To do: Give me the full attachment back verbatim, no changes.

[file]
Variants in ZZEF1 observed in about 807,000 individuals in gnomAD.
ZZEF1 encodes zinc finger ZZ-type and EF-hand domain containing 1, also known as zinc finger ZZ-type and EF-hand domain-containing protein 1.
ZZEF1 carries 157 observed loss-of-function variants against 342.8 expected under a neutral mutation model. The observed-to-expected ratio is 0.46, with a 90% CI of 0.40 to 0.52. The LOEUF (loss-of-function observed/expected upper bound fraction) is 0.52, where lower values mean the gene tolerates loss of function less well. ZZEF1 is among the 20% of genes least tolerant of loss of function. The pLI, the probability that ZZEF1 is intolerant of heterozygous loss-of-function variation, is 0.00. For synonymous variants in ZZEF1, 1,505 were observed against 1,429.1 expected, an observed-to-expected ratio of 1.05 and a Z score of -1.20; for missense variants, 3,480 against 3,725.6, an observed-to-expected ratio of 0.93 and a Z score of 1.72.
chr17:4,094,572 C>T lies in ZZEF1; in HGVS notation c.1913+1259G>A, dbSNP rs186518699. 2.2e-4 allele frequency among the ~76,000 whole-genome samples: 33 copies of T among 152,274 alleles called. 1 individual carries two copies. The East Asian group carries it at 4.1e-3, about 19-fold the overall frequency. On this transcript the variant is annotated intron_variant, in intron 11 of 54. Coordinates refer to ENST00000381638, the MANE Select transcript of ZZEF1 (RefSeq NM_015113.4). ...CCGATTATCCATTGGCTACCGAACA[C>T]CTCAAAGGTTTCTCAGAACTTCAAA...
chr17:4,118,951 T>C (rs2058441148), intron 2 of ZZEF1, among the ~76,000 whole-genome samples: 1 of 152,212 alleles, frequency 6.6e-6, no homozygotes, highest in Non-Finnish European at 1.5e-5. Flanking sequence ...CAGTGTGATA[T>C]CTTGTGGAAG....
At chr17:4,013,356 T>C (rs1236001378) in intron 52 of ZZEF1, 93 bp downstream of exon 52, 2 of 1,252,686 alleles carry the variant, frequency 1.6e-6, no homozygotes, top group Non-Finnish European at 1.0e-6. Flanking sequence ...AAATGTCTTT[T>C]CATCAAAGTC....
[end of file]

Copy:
Variants in ZZEF1 observed in about 807,000 individuals in gnomAD.
ZZEF1 encodes zinc finger ZZ-type and EF-hand domain containing 1, also known as zinc finger ZZ-type and EF-hand domain-containing protein 1.
ZZEF1 carries 157 observed loss-of-function variants against 342.8 expected under a neutral mutation model. The observed-to-expected ratio is 0.46, with a 90% CI of 0.40 to 0.52. The LOEUF (loss-of-function observed/expected upper bound fraction) is 0.52, where lower values mean the gene tolerates loss of function less well. ZZEF1 is among the 20% of genes least tolerant of loss of function. The pLI, the probability that ZZEF1 is intolerant of heterozygous loss-of-function variation, is 0.00. For synonymous variants in ZZEF1, 1,505 were observed against 1,429.1 expected, an observed-to-expected ratio of 1.05 and a Z score of -1.20; for missense variants, 3,480 against 3,725.6, an observed-to-expected ratio of 0.93 and a Z score of 1.72.
chr17:4,094,572 C>T lies in ZZEF1; in HGVS notation c.1913+1259G>A, dbSNP rs186518699. 2.2e-4 allele frequency among the ~76,000 whole-genome samples: 33 copies of T among 152,274 alleles called. 1 individual carries two copies. The East Asian group carries it at 4.1e-3, about 19-fold the overall frequency. On this transcript the variant is annotated intron_variant, in intron 11 of 54. Coordinates refer to ENST00000381638, the MANE Select transcript of ZZEF1 (RefSeq NM_015113.4). ...CCGATTATCCATTGGCTACCGAACA[C>T]CTCAAAGGTTTCTCAGAACTTCAAA...
chr17:4,118,951 T>C (rs2058441148), intron 2 of ZZEF1, among the ~76,000 whole-genome samples: 1 of 152,212 alleles, frequency 6.6e-6, no homozygotes, highest in Non-Finnish European at 1.5e-5. Flanking sequence ...CAGTGTGATA[T>C]CTTGTGGAAG....
At chr17:4,013,356 T>C (rs1236001378) in intron 52 of ZZEF1, 93 bp downstream of exon 52, 2 of 1,252,686 alleles carry the variant, frequency 1.6e-6, no homozygotes, top group Non-Finnish European at 1.0e-6. Flanking sequence ...AAATGTCTTT[T>C]CATCAAAGTC....